Assessment of the Effect of No Stay, Bent Stay or Straight Stay when the Clothe the Soldier Rucksack is worn with the Fragmentation Vest

Évaluation de l’Effet des Différentes Configurations de Renforts (Aucun Renfort, Renfort Courbé ou Renfort Droit) lors du Port du Sac à Dos HLS avec la Veste Pare-Éclats


  1. Reid, S.A.
  2. Stevenson, J.M.
  3. Kudryk. I.
Corporate Authors
Defence R&D Canada - Toronto, Toronto ONT (CAN);Queen's Univ, Kingston Ont (CAN) Ergonomics Research Group & Clinical Mechanics Group
The Clothe the Soldier (CTS) load carriage system includes the Fragmentation Protection Vest (FPV) with Bullet Resistant Plates (BRP), Tactical Vest (TV), the Rucksack, and a Small Pack System which have been designed to be compatible. Loads carried in the CTS rucksack often exceed the officially recommended 25 kg and are reported to approach 45 kg. Under these conditions, optimizing load distribution onto the torso becomes even more essential. The purpose of this work was to examine the effects of various stays in the rucksack (straight stays, bent stays, and no stay) on pressure effects and load distribution to the body. Results showed that wearing the FPV and TV under the rucksack will increase the compressive load on the upper body by 50 to 100 percent, depending on the stay configuration compared with wearing just the TV and Rucksack configuration. Stays bent to conform to the body were the most effective configuration while removal of the stays caused the greatest increase in compressive loads. Edges of the BRP caused multiple peak pressure points of with values on the mannikin of 60 to 110 kPa. These pressure values are expected to considerably exceed the tissue tolerance of skin and underlying muscle and are expected to result in localized skin damage and bruising.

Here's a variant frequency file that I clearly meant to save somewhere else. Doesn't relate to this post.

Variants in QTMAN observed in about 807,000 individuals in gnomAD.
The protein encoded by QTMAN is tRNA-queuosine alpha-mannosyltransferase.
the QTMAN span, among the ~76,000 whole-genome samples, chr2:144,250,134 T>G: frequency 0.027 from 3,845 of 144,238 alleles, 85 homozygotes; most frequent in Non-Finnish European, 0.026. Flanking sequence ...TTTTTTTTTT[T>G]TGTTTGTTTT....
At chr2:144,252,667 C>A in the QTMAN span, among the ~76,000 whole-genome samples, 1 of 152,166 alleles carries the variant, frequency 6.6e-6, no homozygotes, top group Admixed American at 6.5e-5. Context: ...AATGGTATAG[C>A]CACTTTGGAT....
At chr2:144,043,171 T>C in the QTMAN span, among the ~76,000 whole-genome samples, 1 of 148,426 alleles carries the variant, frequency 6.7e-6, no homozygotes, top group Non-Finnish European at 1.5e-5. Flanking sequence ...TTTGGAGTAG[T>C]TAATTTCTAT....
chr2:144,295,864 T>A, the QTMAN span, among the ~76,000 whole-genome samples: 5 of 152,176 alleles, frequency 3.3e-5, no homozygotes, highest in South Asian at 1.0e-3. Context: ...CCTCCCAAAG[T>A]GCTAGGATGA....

Il y a un résumé en français ici.

Clothe the Soldier;CTS;Load carriage system;pressure measurement system;load carriage simulator;load distribution;rucksack;fragmentation vest
Report Number
DRDC-TORONTO-CR-2006-298 — Contractor Report
Date of publication
01 Feb 2006
Number of Pages
Electronic Document(PDF)

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